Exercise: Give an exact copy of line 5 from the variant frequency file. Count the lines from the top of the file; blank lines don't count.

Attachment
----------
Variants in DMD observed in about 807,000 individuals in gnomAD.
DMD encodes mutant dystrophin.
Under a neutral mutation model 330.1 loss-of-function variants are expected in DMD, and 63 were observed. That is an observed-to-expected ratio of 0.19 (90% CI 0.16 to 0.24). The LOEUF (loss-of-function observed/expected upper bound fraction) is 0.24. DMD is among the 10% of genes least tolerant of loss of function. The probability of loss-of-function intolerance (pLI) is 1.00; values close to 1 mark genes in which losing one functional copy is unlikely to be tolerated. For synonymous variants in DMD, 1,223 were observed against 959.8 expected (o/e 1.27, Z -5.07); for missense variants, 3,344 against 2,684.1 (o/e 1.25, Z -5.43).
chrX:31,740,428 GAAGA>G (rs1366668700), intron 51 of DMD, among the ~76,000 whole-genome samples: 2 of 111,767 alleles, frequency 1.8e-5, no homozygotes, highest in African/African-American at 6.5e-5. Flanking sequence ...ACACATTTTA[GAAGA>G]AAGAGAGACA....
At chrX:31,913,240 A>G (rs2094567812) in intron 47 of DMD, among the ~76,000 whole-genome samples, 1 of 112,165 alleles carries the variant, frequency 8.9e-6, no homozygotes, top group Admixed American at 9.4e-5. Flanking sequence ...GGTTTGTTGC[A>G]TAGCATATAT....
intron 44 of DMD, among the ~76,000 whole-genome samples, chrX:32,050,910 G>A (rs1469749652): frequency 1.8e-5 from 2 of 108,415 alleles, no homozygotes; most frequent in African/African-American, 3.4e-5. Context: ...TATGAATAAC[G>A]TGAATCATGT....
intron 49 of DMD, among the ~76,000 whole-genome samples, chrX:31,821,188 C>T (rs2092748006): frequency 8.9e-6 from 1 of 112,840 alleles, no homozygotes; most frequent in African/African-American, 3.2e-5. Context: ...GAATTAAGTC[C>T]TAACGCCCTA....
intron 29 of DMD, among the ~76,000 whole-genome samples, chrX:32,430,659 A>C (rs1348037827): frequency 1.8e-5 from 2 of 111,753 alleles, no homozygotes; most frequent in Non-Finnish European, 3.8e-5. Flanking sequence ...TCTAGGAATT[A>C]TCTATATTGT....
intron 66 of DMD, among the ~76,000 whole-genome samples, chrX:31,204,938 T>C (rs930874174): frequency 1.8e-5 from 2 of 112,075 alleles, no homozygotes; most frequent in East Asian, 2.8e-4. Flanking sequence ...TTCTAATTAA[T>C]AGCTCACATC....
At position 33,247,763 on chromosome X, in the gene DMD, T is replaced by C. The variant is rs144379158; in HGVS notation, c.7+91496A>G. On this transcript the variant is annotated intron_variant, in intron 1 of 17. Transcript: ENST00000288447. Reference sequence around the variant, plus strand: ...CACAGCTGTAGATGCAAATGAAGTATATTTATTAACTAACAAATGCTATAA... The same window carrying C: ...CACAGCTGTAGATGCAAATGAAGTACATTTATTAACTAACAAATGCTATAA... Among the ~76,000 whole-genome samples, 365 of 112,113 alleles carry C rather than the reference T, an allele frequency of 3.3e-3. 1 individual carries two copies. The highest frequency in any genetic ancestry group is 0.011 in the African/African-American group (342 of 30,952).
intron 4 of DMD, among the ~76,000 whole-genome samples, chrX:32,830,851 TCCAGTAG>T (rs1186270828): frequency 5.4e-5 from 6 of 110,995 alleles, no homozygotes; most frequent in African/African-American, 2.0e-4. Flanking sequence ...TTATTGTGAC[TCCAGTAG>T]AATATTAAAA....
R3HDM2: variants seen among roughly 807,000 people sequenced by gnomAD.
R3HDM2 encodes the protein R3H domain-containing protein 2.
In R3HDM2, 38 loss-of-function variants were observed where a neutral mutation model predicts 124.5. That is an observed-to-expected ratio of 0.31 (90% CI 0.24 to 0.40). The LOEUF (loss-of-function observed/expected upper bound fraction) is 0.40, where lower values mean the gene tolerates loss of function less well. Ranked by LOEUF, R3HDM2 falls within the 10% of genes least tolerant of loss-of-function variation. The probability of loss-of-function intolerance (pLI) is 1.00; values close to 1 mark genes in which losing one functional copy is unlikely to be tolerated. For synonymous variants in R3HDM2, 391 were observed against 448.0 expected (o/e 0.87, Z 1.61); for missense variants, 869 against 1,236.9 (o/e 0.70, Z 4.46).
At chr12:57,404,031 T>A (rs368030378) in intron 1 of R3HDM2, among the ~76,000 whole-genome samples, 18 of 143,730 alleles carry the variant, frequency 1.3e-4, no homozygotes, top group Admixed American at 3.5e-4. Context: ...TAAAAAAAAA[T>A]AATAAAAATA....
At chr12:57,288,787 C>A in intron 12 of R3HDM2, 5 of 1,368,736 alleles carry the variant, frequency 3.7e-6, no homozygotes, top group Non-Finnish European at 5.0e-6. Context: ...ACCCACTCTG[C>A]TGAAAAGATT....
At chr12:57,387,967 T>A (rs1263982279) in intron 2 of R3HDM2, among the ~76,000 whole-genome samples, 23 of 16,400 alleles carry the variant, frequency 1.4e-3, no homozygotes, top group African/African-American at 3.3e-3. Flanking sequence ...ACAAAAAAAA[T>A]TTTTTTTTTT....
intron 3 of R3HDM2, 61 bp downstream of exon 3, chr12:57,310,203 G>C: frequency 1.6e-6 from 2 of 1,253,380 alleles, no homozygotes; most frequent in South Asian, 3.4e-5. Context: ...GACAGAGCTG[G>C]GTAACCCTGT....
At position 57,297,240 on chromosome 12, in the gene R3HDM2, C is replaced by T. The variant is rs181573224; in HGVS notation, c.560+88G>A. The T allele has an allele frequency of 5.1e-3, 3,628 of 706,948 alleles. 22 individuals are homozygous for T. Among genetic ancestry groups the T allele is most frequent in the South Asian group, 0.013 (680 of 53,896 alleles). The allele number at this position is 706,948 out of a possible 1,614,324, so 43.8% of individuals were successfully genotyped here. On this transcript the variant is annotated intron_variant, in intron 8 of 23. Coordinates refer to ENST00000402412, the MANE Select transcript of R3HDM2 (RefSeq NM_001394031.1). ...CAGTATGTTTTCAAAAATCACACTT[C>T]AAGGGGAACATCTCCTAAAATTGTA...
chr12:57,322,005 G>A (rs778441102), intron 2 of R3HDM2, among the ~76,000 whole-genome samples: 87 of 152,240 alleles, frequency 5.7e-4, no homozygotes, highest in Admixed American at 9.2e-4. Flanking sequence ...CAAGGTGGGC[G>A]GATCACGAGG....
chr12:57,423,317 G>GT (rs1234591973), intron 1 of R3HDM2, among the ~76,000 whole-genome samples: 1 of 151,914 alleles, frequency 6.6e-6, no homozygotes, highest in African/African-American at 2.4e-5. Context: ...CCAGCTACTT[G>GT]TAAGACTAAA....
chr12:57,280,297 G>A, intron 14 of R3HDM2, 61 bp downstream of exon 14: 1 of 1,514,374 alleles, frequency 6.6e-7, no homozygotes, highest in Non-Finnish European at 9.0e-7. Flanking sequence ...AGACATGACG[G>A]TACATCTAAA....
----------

At chrX:31,913,240 A>G (rs2094567812) in intron 47 of DMD, among the ~76,000 whole-genome samples, 1 of 112,165 alleles carries the variant, frequency 8.9e-6, no homozygotes, top group Admixed American at 9.4e-5. Flanking sequence ...GGTTTGTTGC[A>G]TAGCATATAT....